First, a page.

What is being proposed here is a marriage of oral storytelling, live theatre, certain aspects of long-form television and contemporary audio art. Radio drama originated in the early twentieth century, disappeared for decades, but is now in the process of being re-imagined in the present century using new tools and distribution techniques. We intend to enter into that process of re-imagining. Our antecedents include everything from This American Life, through the sound recording practices of Chris Watson and others, to the audio experiments of artists like Sarah Boothroyd and the Constellations podcast series.
  5. How will you deal with culturally sensitive issues, including diversity and inclusion?
    Clarke is an old, cis-male, white settler attempting, with humility, to take a hard and unsentimental look at what is in front of his nose. This necessarily includes BIPOC and queer characters. Tackling the thorny, complicated issue of climate change without confronting colonialism and settler-Indigenous reconciliation would be irresponsible. However, the potential for missteps, extractive storytelling and unintended appropriation is high. Clarke’s approach, as always, is to create a collaborative space with his young, Indigenous, black, Asian and queer friends and cast members and encourage their creative contributions during research, scripting, production and editing. In addition, he will work with Indigenous cultural advisors using the necessary protocols to avoid cultural appropriation. The narrator of the story in 2075 is an old, cis-male, white settler who has gone through a great deal of soul searching. That is the position he speaks from.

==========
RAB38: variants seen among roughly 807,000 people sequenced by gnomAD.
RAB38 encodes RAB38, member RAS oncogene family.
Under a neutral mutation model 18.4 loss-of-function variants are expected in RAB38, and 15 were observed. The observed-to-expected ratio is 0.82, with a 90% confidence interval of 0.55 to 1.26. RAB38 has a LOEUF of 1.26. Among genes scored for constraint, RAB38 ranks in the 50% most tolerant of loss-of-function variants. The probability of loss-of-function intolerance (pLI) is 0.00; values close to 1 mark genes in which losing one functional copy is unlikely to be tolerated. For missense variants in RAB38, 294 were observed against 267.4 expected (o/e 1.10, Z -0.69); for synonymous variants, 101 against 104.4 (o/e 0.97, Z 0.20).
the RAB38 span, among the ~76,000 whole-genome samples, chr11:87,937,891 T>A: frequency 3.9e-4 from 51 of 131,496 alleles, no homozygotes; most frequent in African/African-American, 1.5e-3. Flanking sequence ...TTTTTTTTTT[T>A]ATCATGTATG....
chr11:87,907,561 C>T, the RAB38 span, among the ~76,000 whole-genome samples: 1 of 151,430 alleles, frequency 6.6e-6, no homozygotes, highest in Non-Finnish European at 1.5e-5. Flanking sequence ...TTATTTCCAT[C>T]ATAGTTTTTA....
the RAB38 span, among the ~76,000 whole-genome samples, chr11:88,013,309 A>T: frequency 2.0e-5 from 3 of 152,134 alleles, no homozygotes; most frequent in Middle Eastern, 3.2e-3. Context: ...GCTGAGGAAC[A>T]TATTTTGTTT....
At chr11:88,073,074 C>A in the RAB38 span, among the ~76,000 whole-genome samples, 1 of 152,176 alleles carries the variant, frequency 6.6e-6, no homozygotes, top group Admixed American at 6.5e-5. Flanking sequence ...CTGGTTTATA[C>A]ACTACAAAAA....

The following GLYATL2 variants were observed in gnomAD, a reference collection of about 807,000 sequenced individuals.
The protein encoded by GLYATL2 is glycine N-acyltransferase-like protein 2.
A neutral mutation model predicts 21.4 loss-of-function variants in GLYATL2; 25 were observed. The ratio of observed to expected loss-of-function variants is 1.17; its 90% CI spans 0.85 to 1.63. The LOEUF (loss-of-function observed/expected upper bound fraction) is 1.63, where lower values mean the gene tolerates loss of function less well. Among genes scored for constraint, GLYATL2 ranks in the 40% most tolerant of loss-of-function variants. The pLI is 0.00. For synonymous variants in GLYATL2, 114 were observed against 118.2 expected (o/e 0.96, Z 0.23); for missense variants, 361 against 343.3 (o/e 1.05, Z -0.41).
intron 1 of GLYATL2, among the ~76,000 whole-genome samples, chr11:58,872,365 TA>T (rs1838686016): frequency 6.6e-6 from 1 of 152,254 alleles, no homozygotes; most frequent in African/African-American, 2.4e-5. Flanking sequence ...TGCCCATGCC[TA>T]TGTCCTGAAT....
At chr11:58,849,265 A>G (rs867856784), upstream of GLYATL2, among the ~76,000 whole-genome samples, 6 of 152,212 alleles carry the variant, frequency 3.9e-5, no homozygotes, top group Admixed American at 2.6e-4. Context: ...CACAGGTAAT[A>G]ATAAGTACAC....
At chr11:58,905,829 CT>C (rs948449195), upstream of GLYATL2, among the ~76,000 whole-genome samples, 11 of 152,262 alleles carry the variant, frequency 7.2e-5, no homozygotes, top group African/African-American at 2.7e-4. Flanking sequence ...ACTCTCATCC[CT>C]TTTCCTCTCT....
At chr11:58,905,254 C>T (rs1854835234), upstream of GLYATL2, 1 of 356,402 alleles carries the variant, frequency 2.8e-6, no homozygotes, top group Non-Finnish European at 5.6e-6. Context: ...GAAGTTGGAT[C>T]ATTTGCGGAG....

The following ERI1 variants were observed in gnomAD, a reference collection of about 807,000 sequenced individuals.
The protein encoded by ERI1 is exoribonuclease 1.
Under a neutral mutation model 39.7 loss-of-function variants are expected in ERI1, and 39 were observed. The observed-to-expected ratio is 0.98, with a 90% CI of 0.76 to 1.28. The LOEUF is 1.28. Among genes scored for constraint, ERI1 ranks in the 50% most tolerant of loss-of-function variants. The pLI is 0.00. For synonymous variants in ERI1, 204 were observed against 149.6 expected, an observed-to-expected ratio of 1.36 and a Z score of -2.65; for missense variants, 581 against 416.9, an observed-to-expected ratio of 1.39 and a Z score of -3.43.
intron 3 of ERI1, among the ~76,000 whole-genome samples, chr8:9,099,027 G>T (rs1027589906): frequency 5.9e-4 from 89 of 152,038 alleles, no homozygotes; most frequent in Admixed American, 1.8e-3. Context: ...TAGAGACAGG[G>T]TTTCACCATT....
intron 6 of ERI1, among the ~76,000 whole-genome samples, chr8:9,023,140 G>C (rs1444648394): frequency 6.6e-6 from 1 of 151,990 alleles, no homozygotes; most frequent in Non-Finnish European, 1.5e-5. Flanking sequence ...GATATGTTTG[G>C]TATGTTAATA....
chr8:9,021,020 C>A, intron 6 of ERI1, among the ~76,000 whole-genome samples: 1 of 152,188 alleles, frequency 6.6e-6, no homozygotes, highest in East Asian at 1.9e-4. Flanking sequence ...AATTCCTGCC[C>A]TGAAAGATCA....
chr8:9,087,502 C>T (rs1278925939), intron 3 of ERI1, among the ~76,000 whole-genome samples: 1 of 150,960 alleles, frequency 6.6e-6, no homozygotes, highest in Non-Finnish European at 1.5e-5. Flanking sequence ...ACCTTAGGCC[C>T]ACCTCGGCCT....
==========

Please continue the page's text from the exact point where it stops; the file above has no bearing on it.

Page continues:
6. What will it sound and feel like?
    What will the future sound like? What keynotes will disappear? How will language evolve? Naturalism is a key aesthetic for The Makers and Shakers Society. The subtle emotional possibilities
    of sound design – which include emphasis, exaggeration, metaphoric sound, distortion, worldizing, three-dimensional audio etc. will be explored to the fullest. Consequently, the series should be listened to using headphones for maximum immersion.
    While scripting and recording this radio drama, considerable attention will be paid to imagining how spoken English will likely evolve over the course of the next five or six decades. We are guided in this by the work of Sally Tagliamonte (Teen Talk) and other linguists, as well as by our own cast members and other cultural advisors.